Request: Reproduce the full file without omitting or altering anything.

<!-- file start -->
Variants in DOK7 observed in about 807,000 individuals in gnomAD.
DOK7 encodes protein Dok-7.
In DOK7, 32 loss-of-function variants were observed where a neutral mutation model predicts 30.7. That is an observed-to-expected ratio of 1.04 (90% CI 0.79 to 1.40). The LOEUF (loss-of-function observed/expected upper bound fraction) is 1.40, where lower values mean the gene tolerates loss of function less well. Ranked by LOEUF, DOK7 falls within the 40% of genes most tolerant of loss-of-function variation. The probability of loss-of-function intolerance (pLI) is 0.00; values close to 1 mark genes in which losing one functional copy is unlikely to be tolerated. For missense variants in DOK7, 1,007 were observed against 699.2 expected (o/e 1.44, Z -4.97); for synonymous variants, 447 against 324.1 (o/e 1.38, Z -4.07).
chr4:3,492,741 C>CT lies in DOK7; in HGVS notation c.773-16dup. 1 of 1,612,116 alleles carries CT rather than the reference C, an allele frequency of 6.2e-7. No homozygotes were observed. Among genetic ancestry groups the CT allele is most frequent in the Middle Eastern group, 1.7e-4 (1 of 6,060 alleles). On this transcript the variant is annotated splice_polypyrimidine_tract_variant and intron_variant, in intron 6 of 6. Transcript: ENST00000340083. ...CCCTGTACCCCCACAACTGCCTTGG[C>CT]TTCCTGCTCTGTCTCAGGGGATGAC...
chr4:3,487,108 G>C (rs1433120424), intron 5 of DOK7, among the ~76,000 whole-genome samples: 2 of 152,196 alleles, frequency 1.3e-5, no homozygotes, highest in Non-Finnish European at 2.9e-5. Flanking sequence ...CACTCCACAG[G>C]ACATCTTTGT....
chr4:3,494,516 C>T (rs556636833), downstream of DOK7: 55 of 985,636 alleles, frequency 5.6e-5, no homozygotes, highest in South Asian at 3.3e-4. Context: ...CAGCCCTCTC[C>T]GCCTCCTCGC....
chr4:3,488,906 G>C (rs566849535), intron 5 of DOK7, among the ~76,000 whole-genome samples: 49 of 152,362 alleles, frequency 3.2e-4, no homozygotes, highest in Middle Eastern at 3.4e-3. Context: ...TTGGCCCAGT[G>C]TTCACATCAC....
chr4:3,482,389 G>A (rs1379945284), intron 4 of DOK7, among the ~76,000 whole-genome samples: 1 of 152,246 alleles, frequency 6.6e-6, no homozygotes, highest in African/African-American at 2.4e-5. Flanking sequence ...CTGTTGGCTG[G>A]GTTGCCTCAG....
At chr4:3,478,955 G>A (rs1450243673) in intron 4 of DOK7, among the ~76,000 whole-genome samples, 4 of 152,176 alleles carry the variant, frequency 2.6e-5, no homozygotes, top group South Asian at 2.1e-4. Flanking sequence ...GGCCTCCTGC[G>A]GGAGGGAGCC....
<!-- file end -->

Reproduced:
Variants in DOK7 observed in about 807,000 individuals in gnomAD.
DOK7 encodes protein Dok-7.
In DOK7, 32 loss-of-function variants were observed where a neutral mutation model predicts 30.7. That is an observed-to-expected ratio of 1.04 (90% CI 0.79 to 1.40). The LOEUF (loss-of-function observed/expected upper bound fraction) is 1.40, where lower values mean the gene tolerates loss of function less well. Ranked by LOEUF, DOK7 falls within the 40% of genes most tolerant of loss-of-function variation. The probability of loss-of-function intolerance (pLI) is 0.00; values close to 1 mark genes in which losing one functional copy is unlikely to be tolerated. For missense variants in DOK7, 1,007 were observed against 699.2 expected (o/e 1.44, Z -4.97); for synonymous variants, 447 against 324.1 (o/e 1.38, Z -4.07).
chr4:3,492,741 C>CT lies in DOK7; in HGVS notation c.773-16dup. 1 of 1,612,116 alleles carries CT rather than the reference C, an allele frequency of 6.2e-7. No homozygotes were observed. Among genetic ancestry groups the CT allele is most frequent in the Middle Eastern group, 1.7e-4 (1 of 6,060 alleles). On this transcript the variant is annotated splice_polypyrimidine_tract_variant and intron_variant, in intron 6 of 6. Transcript: ENST00000340083. ...CCCTGTACCCCCACAACTGCCTTGG[C>CT]TTCCTGCTCTGTCTCAGGGGATGAC...
chr4:3,487,108 G>C (rs1433120424), intron 5 of DOK7, among the ~76,000 whole-genome samples: 2 of 152,196 alleles, frequency 1.3e-5, no homozygotes, highest in Non-Finnish European at 2.9e-5. Flanking sequence ...CACTCCACAG[G>C]ACATCTTTGT....
chr4:3,494,516 C>T (rs556636833), downstream of DOK7: 55 of 985,636 alleles, frequency 5.6e-5, no homozygotes, highest in South Asian at 3.3e-4. Context: ...CAGCCCTCTC[C>T]GCCTCCTCGC....
chr4:3,488,906 G>C (rs566849535), intron 5 of DOK7, among the ~76,000 whole-genome samples: 49 of 152,362 alleles, frequency 3.2e-4, no homozygotes, highest in Middle Eastern at 3.4e-3. Context: ...TTGGCCCAGT[G>C]TTCACATCAC....
chr4:3,482,389 G>A (rs1379945284), intron 4 of DOK7, among the ~76,000 whole-genome samples: 1 of 152,246 alleles, frequency 6.6e-6, no homozygotes, highest in African/African-American at 2.4e-5. Flanking sequence ...CTGTTGGCTG[G>A]GTTGCCTCAG....
At chr4:3,478,955 G>A (rs1450243673) in intron 4 of DOK7, among the ~76,000 whole-genome samples, 4 of 152,176 alleles carry the variant, frequency 2.6e-5, no homozygotes, top group South Asian at 2.1e-4. Flanking sequence ...GGCCTCCTGC[G>A]GGAGGGAGCC....